Rare sea chart of West Papua, New Guinea, Waigeo, Pulau Raja, Pulau Sanjang, Pulau Aju, etc., published by Laurie & Whittle in London, based upon the surveys under the command of Captain Robert Williams aboard the Thames (1796 - 1797) and Captain Michael Hogan aboard the Marquis Cornwallis (1796).
This finely executed sea chart illustrates the most up to date information for Dampiers Strait and the region to the northwest of Papua, New Guinea. The inset at upper left is a map showing the track of the Marquis Cornwallis, between the isles of Pigeon and Augusta, in Dampiers Strait.
This region was of great importance to the East India Company and the important spice trade. The chart was designed for use by ships trading in the East Indies. The routes of many explorers are identified, including Dampier, Forrest, Bougainville, Walton, Hogan, and the ships Warwick and Cornwallis.
Captain Michael Hogan was the commander of the The Marquis Cornwallis. Hogan left Cork, Ireland, on August 9, 1795, to transport Irish convicts to New South Wales. On September 9, as the ship neared Cape Verde Islands, Hogan learned of a plot by some of the convicts and soldiers to seize the ship. Hogan acted swiftly. Between forty and fifty convicts were flogged and two guards were imprisoned. Seven of the convicts and one of the guards died of wounds. The ship arrived in Sydney, on February 11, 1796. Because of an enquiry into the mutiny, Hogan was obliged to stay in Sydney for three months. The ship left Sydney on May 15, 1796, reaching England on 24 July, 1797.
Hogan was aided by Henry Moor, who served as chartmaker during the time when the present charts were made. Moor came to Sydney as Master of the Reliance in 1795. He later captained several ships including the Montgomery, Fortune and Wansted. He joined the Marquis Cornwallis in Sydney on March 26, 1796, and disembarked at Calcutta on October 2, 1796. He later published ' Sailing directions to accompany a new Chart of the Molluccas and Eastern Islands: together with separate plans ... surveyed, in the course of two years and six months stations in those seas, by Henry Moor, assisted by V.V. Ballard', 1801.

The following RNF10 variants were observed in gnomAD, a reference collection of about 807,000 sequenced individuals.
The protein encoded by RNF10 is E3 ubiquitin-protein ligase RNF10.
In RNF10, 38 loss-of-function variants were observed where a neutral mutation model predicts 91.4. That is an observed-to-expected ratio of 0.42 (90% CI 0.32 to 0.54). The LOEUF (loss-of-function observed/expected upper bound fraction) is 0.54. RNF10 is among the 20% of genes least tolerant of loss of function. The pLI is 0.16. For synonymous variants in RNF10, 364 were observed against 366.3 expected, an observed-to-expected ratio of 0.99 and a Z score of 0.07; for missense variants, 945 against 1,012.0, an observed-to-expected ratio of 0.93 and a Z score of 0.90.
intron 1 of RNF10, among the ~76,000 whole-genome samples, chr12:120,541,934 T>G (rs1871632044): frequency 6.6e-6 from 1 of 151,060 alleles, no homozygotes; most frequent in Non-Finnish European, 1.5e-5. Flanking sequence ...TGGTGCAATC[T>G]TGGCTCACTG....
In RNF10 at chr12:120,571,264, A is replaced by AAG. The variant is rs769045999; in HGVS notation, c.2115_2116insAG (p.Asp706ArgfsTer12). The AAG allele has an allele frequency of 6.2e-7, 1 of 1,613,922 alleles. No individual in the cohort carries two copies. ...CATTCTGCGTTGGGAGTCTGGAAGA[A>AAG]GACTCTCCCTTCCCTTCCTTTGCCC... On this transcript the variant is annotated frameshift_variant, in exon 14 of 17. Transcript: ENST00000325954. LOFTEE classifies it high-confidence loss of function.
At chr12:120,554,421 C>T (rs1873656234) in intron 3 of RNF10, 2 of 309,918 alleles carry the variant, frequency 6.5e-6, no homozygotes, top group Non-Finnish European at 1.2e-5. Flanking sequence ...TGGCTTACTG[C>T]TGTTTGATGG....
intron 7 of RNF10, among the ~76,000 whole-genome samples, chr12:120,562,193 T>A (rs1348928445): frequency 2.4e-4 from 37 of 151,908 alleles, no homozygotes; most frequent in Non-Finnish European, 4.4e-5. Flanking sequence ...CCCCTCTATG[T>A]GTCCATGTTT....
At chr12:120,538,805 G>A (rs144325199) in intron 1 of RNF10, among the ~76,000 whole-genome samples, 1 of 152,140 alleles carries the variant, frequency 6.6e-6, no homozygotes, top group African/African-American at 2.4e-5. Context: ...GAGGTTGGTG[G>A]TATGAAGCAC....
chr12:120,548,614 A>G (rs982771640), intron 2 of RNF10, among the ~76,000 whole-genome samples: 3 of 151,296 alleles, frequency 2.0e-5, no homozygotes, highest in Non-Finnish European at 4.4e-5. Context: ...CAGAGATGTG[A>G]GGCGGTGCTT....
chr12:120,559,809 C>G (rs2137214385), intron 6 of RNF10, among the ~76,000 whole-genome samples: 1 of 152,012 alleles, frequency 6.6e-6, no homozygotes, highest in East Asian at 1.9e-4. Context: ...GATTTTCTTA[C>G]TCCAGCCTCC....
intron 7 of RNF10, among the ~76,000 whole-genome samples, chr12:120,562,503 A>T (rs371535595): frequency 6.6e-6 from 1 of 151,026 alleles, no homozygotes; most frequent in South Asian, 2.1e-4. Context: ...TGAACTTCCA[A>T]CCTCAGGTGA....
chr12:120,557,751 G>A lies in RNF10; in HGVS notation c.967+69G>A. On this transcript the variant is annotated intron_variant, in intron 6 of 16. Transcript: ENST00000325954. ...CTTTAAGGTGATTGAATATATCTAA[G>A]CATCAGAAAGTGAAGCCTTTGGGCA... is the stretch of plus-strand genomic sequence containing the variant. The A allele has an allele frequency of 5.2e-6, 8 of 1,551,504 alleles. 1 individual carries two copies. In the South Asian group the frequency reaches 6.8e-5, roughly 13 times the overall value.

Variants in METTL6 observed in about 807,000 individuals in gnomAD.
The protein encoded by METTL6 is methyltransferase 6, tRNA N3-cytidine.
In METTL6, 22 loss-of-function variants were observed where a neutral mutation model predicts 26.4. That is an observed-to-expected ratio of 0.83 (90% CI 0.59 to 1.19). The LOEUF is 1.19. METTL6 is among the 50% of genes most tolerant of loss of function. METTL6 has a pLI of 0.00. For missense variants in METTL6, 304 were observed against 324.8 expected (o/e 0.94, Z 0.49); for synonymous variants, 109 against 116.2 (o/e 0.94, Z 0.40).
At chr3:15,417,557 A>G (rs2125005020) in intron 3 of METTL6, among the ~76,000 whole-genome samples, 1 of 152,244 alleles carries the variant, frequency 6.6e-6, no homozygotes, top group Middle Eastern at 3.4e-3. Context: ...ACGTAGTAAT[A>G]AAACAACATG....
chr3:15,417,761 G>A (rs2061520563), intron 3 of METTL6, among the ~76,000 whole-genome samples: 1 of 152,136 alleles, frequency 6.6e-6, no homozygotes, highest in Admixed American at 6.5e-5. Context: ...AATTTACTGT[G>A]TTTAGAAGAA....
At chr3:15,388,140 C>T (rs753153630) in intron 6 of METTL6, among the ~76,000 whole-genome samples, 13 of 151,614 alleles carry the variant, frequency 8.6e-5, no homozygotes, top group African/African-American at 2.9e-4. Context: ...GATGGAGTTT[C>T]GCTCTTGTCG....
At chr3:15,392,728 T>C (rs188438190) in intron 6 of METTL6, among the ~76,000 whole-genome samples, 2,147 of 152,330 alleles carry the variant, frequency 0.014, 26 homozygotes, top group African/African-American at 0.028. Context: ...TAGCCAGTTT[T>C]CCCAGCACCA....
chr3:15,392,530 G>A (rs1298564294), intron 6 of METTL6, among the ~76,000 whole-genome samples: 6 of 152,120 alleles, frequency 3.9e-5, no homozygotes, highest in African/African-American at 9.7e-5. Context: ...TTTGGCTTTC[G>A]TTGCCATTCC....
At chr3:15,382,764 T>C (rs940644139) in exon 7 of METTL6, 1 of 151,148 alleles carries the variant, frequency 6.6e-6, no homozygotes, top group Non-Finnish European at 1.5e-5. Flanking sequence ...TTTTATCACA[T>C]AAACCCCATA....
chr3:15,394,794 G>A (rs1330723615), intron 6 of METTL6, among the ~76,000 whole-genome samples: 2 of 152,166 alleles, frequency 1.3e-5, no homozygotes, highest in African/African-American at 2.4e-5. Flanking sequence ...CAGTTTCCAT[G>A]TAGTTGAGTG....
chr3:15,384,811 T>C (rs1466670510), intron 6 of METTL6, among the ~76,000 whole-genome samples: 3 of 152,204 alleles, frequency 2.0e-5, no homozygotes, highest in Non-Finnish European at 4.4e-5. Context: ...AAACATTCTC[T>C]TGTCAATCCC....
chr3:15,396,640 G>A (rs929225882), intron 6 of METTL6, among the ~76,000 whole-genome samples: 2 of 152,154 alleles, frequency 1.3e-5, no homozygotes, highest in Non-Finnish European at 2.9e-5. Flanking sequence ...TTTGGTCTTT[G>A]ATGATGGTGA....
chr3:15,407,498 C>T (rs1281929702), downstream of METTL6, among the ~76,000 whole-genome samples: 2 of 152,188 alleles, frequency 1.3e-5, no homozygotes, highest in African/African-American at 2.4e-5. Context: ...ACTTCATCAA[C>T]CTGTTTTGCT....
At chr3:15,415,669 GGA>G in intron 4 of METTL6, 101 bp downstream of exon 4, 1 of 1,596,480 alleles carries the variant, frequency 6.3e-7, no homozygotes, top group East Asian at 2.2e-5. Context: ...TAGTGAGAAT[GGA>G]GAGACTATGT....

Captain Robert Williams' account of his observations on the Straits of New Guinea, Dampier's Strait, Pitt's Passage, Sandalwood Island, the Straits of Flores, etc., was published in James Huddart's The Oriental Navigator, Or, New Directions for Sailing to and from the East Indies, China and New Holland &c &c &c . . ., during his expedition into the region aboard the Thames.
Richard Holmes Laurie (1777-1858) was the son of mezzotint engraver Robert Laurie, who had taken over Robert Sayer's publishing house with James Whittle in 1794. Richard Holmes Laurie joined in a partnership with Whittle when his father retired in 1812. The name of the firm then switched from Laurie & Whittle to Whittle & Laurie. Whittle died in 1818, leaving Richard Holmes to continue publishing alone as R. H. Laurie.
When the Hydrographic Office opened in 1795, it was tasked with creating and producing all the nautical charts for the Royal Navy so as to wean the Navy off dependence on foreign charts. By the 1820s, private publishers were augmenting HO charts and competing with them, including Richard Holmes Laurie. Richard gave up publishing anything except nautical materials by 1830. He also sold charts to Trinity House, the lighthouse and maritime safety fraternity. He died in 1858.
The firm continued to print under the name R.H. Laurie even after 1858. Later, the firm was managed by Laurie’s draughtsman, Alexander George Findlay, and, later, Daniel and William Kettle.
James Whittle (1757-1818) was a British engraver and map printer. Whittle was employed by Robert Sayer (ca. 1725-1794). Together with Robert Laurie (1755?-1836), he took on Sayer’s business when the older man died in 1794. The two traded together as Laurie & Whittle until 1812, when Laurie retired. They had specialized in sea charts and maritime atlases. Whittle then partnered with Laurie’s son, Richard Holmes Laurie, until he died in 1818.